Why do we use adverbials?

We use adverbs to give more information about the verb.

We use adverbials of manner to say how something happens or how something is done:

The children were playing happily.
He was driving as fast as possible.

We use adverbials of place to say where something happens:

I saw him there.
We met in London.

We use adverbials of time to say when or how often something happens:

They start work at six thirty.
They usually go to work by bus.

We use adverbials of probability to show how certain we are about something.

  • Perhaps the weather will be fine.
  • He is certainly coming to the party.


Try these tasks to practice your use of adverbials.

Task 1


Task 2


Task 3



which preposition should we use with the word " page" at or on?

Thanks in advance

Hello zagrus,

Normal usage is 'on page xx'.

Best wishes,



The LearnEnglish Team

Hello Tharindu,

These two words are completely different verbs, even though they look similar. 'See' is what we do with our eyes, whereas 'seem' is used to describe an impression which we are not sure is correct or not. If I say 'He seems nice' then I am telling you what my impression is, but I am also saying that I'm still not completely certain.

You can use the Dictionaries link on the right to look up words and you'll see definitions, examples and more.

Best wishes,



The LearnEnglish Team

I'm practising the grammar regularly but how will I be able to speak english fluently?

Hello praveenzzz,

It's hard for me to give you specific advice on developing your fluency without knowing how you speak at the moment. However, there are some general suggestions that I can make which will help you to improve over time. The most important thing you can do is to speak English as often as possible. To do this a partner is very helpful, so think about the people you know and consider if any of them could be a practice partner for you. It may be that you know someone else who is also learning English and who would like to practise with you, or perhaps you know some people who do not speak your language but do speak English. However, if you do not have a practice partner it does not mean that you cannot practise because it is possible to practise alone. Just speaking English to yourself while you are at home, going about your normal daily activities, can help a great deal with your fluency and can help you to feel more confident, which will help you to cut down your hesitating.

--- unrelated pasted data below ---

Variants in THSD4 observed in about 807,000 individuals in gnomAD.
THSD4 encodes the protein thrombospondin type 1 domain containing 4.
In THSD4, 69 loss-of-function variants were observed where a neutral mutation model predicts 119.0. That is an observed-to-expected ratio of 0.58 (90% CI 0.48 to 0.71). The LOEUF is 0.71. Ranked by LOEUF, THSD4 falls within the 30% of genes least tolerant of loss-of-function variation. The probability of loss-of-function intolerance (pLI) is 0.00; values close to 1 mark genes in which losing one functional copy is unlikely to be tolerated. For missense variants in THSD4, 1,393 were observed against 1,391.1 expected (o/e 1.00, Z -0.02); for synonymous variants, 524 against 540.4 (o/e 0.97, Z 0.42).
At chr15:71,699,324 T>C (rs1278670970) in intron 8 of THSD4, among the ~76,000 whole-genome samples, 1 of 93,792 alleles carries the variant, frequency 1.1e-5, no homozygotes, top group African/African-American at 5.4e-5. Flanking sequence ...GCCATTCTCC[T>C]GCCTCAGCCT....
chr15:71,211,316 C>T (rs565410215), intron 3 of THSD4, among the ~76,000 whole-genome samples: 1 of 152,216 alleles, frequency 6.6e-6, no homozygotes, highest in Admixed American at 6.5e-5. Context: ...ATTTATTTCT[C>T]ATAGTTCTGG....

You can also use the audio and video materials here on LearnEnglish to improve your fluency. After doing the exercises, try listening with the transcript (listening and reading). Then try saying the text yourself, and finally try saying it with (and at the same speed as) the recording. This will help you to develop speed in your speech, which is a key component of fluency.  You'll also pick up a lot of language as chunks - words which are often used together in set phrases - which you can use to communicate with less hesitation. Use a notebook to keep a record of these so you can revise them and test yourself to see how well you remember them.

I hope that suggestions are helpful.

Best wishes,



The LearnEnglish Team

I am wondering whether "by other hand" exists as adverb or other introductory phrase to indicate another point not related to the previous one but inside the same text. if not, which adverb may be used?

Is this synonim to the adverb "On the other hand" which means "in addition" or "besides"?


Hi Mayela,

No, I'm afraid that "by other hand" is not standard English. By the way, "on the other hand" has a more specific meaning than "in addition to" - it is used to present a different or even opposite way of looking at something.

You can check this yourself by searching for "by other hand" and "on the other hand" in the dictionary search box on the right - you'll see that there is no entry for the former. That is usually a good indication of whether a word or expression exists.

Best wishes,
The LearnEnglish Team